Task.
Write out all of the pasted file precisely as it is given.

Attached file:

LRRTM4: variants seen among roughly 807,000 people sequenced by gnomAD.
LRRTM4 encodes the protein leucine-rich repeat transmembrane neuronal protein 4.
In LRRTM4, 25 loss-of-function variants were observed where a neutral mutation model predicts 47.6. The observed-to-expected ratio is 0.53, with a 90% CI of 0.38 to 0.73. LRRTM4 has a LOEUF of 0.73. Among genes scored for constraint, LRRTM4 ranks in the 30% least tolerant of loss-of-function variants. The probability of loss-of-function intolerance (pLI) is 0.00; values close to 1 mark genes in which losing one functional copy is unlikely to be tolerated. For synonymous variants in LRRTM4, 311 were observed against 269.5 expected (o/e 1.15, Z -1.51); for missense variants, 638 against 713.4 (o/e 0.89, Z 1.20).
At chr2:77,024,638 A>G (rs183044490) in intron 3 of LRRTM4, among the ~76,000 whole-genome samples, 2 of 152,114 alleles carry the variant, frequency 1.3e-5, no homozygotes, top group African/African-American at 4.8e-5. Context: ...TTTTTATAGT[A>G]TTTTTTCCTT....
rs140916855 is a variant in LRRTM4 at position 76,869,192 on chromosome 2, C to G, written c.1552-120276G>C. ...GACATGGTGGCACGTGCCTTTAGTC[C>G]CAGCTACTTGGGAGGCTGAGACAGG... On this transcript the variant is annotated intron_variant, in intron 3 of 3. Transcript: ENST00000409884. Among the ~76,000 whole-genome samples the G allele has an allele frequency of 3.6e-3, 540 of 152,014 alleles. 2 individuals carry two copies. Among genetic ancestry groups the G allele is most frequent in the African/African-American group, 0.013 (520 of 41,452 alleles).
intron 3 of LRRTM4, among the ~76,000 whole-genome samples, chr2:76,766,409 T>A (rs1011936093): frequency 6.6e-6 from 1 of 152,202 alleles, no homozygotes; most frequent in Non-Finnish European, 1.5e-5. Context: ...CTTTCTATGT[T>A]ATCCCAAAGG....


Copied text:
LRRTM4: variants seen among roughly 807,000 people sequenced by gnomAD.
LRRTM4 encodes the protein leucine-rich repeat transmembrane neuronal protein 4.
In LRRTM4, 25 loss-of-function variants were observed where a neutral mutation model predicts 47.6. The observed-to-expected ratio is 0.53, with a 90% CI of 0.38 to 0.73. LRRTM4 has a LOEUF of 0.73. Among genes scored for constraint, LRRTM4 ranks in the 30% least tolerant of loss-of-function variants. The probability of loss-of-function intolerance (pLI) is 0.00; values close to 1 mark genes in which losing one functional copy is unlikely to be tolerated. For synonymous variants in LRRTM4, 311 were observed against 269.5 expected (o/e 1.15, Z -1.51); for missense variants, 638 against 713.4 (o/e 0.89, Z 1.20).
At chr2:77,024,638 A>G (rs183044490) in intron 3 of LRRTM4, among the ~76,000 whole-genome samples, 2 of 152,114 alleles carry the variant, frequency 1.3e-5, no homozygotes, top group African/African-American at 4.8e-5. Context: ...TTTTTATAGT[A>G]TTTTTTCCTT....
rs140916855 is a variant in LRRTM4 at position 76,869,192 on chromosome 2, C to G, written c.1552-120276G>C. ...GACATGGTGGCACGTGCCTTTAGTC[C>G]CAGCTACTTGGGAGGCTGAGACAGG... On this transcript the variant is annotated intron_variant, in intron 3 of 3. Transcript: ENST00000409884. Among the ~76,000 whole-genome samples the G allele has an allele frequency of 3.6e-3, 540 of 152,014 alleles. 2 individuals carry two copies. Among genetic ancestry groups the G allele is most frequent in the African/African-American group, 0.013 (520 of 41,452 alleles).
intron 3 of LRRTM4, among the ~76,000 whole-genome samples, chr2:76,766,409 T>A (rs1011936093): frequency 6.6e-6 from 1 of 152,202 alleles, no homozygotes; most frequent in Non-Finnish European, 1.5e-5. Context: ...CTTTCTATGT[T>A]ATCCCAAAGG....